Jamie Skeen admits he didn’t expect the Rams to be chosen. So he headed out to Great Wraps for food.

He was sitting down eating a buffalo chicken wrap when his phone began buzzing.

“And I can’t get to it right now because I’m like, ‘Man, I got buffalo chicken sauce all over my hand.’ And this wrap is really, really messy,” said Skeen, a senior forward in 2010-11. “And so I’m like, ‘I’ll just get it later.’”

But the notifications continued. Skeen thought it might’ve been an emergency so he finally went to the restroom to clean his hands. When he looked at his phone afterward, he saw messages of congratulations.

At first, he thought, “What’s going on?” But as he looked deeper, he realized VCU made the NCAA tournament.

He didn’t even finish his food, but went straight to the Rams’ locker room.

Ed Nixon was watching cartoons as the selection show unfolded, “Ben 10,” he believes. He was roommates with Rodriguez, Brandon Rozzell and Darius Theus. From what he recalled, Rozzell was in his room, perhaps playing video games. Theus, a Portsmouth native, was on the road headed home.

Rodriguez was watching the selection show and erupted when he saw VCU pop up.

“Like started running through the apartment like, ‘Yeah, we got in, we got in!’” Rozzell said. “I was like, ‘Man, stop playing.’ Thought it was like a prank or something.”

Theus got a text that the Rams were in the tournament, and then got word that they would have a team meeting in an hour.

A trip to see his parents rerouted back to Richmond. “I U-turned so quick, speeding back to the gym trying to make it,” he said.

Rhoades said VCU’s selection is one of his favorite moments of his basketball career, as a player and a coach, seeing the excitement that permeated throughout the program.

But some criticism about the Rams’ selection wafted about from national commentators, namely ESPN’s Jay Bilas and Dick Vitale. Vitale was incensed that VCU and UAB made the field over Colorado and Virginia Tech.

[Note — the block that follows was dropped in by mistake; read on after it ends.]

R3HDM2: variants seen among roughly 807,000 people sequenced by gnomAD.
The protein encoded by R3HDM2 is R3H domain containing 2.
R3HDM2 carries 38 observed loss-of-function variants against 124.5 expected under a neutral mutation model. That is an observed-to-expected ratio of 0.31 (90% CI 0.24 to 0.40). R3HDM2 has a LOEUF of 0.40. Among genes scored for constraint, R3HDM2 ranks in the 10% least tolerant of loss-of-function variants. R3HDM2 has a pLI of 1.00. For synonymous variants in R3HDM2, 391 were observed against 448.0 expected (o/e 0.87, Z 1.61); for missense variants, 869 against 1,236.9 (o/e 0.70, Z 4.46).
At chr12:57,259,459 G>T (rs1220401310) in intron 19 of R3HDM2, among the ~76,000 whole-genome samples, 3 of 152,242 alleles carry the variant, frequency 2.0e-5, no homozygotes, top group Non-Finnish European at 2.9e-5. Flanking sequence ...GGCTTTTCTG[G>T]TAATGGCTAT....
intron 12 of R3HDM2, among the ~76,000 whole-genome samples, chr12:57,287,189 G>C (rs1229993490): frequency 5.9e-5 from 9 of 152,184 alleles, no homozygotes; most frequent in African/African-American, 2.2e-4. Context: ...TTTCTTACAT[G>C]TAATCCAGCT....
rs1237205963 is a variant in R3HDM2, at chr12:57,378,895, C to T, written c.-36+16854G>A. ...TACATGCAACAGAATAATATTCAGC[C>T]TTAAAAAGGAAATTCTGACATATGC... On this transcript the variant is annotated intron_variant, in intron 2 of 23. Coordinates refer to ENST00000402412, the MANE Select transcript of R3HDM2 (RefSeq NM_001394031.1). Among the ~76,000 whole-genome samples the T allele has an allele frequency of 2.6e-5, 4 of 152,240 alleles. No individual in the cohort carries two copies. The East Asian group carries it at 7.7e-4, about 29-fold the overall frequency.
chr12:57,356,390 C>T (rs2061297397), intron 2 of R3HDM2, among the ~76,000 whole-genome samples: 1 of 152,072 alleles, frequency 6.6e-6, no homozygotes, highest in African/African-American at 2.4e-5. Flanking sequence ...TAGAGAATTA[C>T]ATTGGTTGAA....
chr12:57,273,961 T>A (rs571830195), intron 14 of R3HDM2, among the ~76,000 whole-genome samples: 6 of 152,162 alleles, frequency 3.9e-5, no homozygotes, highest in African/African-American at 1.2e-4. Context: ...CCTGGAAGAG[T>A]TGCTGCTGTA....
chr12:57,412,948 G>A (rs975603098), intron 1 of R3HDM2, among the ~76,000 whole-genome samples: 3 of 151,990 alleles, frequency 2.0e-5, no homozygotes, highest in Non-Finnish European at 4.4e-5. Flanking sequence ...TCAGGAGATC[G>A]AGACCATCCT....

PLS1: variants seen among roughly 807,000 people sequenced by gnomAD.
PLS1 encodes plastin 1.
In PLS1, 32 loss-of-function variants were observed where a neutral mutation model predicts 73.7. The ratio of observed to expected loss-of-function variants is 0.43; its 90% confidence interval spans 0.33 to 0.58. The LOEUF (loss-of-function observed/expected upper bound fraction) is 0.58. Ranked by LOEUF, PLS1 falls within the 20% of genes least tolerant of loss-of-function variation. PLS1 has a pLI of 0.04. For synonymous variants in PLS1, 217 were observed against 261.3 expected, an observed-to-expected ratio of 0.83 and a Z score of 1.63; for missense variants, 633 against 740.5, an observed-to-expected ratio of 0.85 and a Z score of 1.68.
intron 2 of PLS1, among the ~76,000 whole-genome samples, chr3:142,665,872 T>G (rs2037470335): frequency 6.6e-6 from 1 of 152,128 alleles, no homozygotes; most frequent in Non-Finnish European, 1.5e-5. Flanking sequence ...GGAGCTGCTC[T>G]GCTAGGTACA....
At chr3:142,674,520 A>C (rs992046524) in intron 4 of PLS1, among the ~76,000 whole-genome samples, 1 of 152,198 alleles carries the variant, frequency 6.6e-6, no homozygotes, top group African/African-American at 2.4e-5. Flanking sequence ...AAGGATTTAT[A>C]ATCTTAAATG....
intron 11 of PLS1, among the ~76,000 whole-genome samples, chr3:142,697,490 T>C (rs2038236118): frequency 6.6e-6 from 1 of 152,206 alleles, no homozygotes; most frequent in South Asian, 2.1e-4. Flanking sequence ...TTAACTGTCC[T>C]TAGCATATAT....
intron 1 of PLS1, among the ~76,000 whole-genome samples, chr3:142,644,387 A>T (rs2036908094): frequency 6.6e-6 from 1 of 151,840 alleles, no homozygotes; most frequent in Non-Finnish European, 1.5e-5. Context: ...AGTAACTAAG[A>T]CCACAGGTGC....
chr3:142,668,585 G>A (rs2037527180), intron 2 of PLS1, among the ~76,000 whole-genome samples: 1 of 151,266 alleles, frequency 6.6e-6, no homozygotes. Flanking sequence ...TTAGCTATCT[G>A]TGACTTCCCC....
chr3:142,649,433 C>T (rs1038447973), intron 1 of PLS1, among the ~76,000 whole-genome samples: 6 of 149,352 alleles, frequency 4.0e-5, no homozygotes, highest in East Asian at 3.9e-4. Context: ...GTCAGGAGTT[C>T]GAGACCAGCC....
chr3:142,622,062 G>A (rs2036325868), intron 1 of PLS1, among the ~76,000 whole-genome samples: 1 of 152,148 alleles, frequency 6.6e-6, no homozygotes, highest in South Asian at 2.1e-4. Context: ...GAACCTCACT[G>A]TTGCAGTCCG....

“There was a reason why none of us brought up UAB and VCU as having a chance to get in,” Bilas said on air. “It’s because they had no chance to get in.”

The doubt added fuel to VCU’s fire, Skeen said.

“Coach Smart spun it,” Rhoades said of the commentary. “And he’s like, ‘It doesn’t matter what they say. We’re in. Now what we can do about it is go beat everybody and make a statement about who we really are.’ And he used that through and through.”

The thing about being an underdog, Skeen said, is that there’s no pressure. The questioning of VCU’s selection made the Rams hungrier.

With that, they headed off to Dayton’s UD Arena to play USC in the First Four three days after Selection Sunday.

“In my mind, I’m thinking like, ‘Yo, man, they messed up letting us in. Because we’re about to do something,’” Burgess said. “Again, I didn’t know we were going to make the Final Four. But I just was confident that we could win a couple of games, maybe make a Sweet 16, maybe squeeze out an Elite Eight.

“But I just knew that we were going to be a problem in that tournament.”

wepps@timesdispatch.com

(804) 649-6442

Twitter: @wayneeppsjr